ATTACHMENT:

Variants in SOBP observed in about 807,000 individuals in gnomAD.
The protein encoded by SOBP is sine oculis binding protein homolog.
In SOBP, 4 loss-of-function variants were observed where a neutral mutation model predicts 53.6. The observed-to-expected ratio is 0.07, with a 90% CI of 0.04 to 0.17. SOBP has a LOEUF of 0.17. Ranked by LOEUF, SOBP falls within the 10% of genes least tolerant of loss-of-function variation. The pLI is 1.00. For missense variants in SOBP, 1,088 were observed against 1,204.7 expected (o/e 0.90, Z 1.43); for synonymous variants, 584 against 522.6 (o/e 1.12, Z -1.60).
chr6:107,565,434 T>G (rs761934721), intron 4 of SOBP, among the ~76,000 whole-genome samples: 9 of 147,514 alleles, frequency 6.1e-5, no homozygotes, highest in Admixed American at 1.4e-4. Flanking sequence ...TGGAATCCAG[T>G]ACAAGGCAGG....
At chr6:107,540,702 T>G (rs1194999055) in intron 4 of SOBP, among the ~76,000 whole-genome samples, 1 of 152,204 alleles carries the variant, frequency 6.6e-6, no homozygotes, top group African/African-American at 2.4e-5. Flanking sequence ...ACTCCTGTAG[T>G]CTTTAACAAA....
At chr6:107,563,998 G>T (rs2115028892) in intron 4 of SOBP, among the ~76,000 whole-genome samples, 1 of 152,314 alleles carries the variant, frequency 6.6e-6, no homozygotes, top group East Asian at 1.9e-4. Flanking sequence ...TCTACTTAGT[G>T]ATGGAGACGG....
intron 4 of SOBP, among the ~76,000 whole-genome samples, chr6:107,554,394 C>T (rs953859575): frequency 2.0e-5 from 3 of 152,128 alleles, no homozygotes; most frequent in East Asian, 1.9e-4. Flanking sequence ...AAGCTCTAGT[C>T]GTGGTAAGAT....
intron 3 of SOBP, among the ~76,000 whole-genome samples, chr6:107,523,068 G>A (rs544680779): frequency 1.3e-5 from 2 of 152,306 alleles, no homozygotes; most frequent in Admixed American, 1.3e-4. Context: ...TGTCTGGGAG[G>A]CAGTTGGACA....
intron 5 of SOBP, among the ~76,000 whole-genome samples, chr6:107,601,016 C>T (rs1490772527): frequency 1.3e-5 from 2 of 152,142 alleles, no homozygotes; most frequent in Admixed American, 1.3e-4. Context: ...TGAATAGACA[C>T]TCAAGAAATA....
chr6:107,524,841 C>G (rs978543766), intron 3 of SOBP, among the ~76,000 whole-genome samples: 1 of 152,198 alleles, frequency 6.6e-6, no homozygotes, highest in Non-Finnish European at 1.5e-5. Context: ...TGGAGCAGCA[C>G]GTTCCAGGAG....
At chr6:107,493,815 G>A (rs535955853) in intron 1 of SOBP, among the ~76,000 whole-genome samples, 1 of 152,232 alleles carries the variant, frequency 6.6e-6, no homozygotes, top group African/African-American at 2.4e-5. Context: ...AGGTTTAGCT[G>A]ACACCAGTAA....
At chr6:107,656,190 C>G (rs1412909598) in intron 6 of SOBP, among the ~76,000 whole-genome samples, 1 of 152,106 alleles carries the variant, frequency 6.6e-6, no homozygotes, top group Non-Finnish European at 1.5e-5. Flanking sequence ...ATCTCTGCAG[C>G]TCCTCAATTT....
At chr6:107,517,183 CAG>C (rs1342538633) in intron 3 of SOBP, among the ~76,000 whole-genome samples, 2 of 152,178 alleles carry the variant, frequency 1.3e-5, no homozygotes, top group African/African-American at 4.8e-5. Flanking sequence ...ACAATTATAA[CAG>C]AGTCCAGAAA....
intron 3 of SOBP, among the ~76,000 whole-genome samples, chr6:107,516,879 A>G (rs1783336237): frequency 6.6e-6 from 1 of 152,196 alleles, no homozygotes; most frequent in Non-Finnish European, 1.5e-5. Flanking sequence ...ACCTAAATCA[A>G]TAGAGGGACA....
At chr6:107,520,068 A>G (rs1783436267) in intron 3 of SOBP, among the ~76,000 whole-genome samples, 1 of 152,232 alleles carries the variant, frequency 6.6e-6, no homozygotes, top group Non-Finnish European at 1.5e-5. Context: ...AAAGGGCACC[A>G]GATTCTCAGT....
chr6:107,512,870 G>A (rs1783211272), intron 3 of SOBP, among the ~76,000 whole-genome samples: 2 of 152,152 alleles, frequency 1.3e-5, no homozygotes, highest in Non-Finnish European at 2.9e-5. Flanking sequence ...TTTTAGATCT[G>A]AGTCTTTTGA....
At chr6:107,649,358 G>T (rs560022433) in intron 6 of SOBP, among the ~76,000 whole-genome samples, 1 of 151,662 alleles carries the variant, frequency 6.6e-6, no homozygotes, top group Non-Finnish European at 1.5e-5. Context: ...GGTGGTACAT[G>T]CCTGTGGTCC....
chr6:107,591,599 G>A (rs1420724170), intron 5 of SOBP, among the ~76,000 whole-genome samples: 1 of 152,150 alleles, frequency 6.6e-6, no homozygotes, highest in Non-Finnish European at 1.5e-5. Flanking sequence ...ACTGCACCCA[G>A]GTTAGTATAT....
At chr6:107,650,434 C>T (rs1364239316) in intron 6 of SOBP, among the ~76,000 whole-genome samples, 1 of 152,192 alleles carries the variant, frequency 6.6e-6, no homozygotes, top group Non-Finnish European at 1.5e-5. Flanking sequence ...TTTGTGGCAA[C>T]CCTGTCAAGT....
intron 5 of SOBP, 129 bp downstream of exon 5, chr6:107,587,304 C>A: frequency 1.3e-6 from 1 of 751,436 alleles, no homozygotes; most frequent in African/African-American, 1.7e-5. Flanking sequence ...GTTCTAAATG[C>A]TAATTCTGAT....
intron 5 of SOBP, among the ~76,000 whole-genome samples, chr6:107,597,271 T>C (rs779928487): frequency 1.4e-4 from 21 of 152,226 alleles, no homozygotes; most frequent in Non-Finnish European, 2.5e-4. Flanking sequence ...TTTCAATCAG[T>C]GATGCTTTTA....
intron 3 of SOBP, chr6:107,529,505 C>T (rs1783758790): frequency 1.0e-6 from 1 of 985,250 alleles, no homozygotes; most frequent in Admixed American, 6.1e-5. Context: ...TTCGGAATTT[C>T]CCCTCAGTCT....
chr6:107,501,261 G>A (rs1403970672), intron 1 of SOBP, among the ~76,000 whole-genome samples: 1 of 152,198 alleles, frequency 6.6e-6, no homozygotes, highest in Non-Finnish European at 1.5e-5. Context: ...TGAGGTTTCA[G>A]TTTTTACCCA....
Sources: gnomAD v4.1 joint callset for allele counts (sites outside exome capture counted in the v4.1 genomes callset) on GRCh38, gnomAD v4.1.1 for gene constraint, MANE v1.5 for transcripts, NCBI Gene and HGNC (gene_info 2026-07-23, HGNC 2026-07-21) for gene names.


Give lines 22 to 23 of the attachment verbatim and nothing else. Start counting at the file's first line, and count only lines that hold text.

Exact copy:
intron 3 of SOBP, chr6:107,529,505 C>T (rs1783758790): frequency 1.0e-6 from 1 of 985,250 alleles, no homozygotes; most frequent in Admixed American, 6.1e-5. Context: ...TTCGGAATTT[C>T]CCCTCAGTCT....
chr6:107,501,261 G>A (rs1403970672), intron 1 of SOBP, among the ~76,000 whole-genome samples: 1 of 152,198 alleles, frequency 6.6e-6, no homozygotes, highest in Non-Finnish European at 1.5e-5. Context: ...TGAGGTTTCA[G>A]TTTTTACCCA....